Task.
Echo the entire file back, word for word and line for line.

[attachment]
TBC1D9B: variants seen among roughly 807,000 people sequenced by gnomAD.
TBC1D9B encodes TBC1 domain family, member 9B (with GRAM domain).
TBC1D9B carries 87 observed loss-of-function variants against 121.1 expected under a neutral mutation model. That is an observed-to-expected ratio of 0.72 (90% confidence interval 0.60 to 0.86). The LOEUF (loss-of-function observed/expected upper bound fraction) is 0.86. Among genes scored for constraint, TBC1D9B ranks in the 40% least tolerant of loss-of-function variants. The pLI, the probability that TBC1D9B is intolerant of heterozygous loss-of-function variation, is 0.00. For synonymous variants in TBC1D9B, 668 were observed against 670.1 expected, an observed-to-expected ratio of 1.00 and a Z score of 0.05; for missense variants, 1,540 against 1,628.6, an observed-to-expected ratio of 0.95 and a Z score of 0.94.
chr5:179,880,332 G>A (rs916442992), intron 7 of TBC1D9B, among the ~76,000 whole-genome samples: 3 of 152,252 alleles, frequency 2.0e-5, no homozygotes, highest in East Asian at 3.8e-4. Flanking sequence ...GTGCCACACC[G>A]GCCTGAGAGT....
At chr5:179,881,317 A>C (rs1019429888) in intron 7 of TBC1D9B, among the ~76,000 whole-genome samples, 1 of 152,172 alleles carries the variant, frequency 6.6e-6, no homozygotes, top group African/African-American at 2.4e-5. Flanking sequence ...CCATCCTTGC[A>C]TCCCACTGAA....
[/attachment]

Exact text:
TBC1D9B: variants seen among roughly 807,000 people sequenced by gnomAD.
TBC1D9B encodes TBC1 domain family, member 9B (with GRAM domain).
TBC1D9B carries 87 observed loss-of-function variants against 121.1 expected under a neutral mutation model. That is an observed-to-expected ratio of 0.72 (90% confidence interval 0.60 to 0.86). The LOEUF (loss-of-function observed/expected upper bound fraction) is 0.86. Among genes scored for constraint, TBC1D9B ranks in the 40% least tolerant of loss-of-function variants. The pLI, the probability that TBC1D9B is intolerant of heterozygous loss-of-function variation, is 0.00. For synonymous variants in TBC1D9B, 668 were observed against 670.1 expected, an observed-to-expected ratio of 1.00 and a Z score of 0.05; for missense variants, 1,540 against 1,628.6, an observed-to-expected ratio of 0.95 and a Z score of 0.94.
chr5:179,880,332 G>A (rs916442992), intron 7 of TBC1D9B, among the ~76,000 whole-genome samples: 3 of 152,252 alleles, frequency 2.0e-5, no homozygotes, highest in East Asian at 3.8e-4. Flanking sequence ...GTGCCACACC[G>A]GCCTGAGAGT....
At chr5:179,881,317 A>C (rs1019429888) in intron 7 of TBC1D9B, among the ~76,000 whole-genome samples, 1 of 152,172 alleles carries the variant, frequency 6.6e-6, no homozygotes, top group African/African-American at 2.4e-5. Flanking sequence ...CCATCCTTGC[A>C]TCCCACTGAA....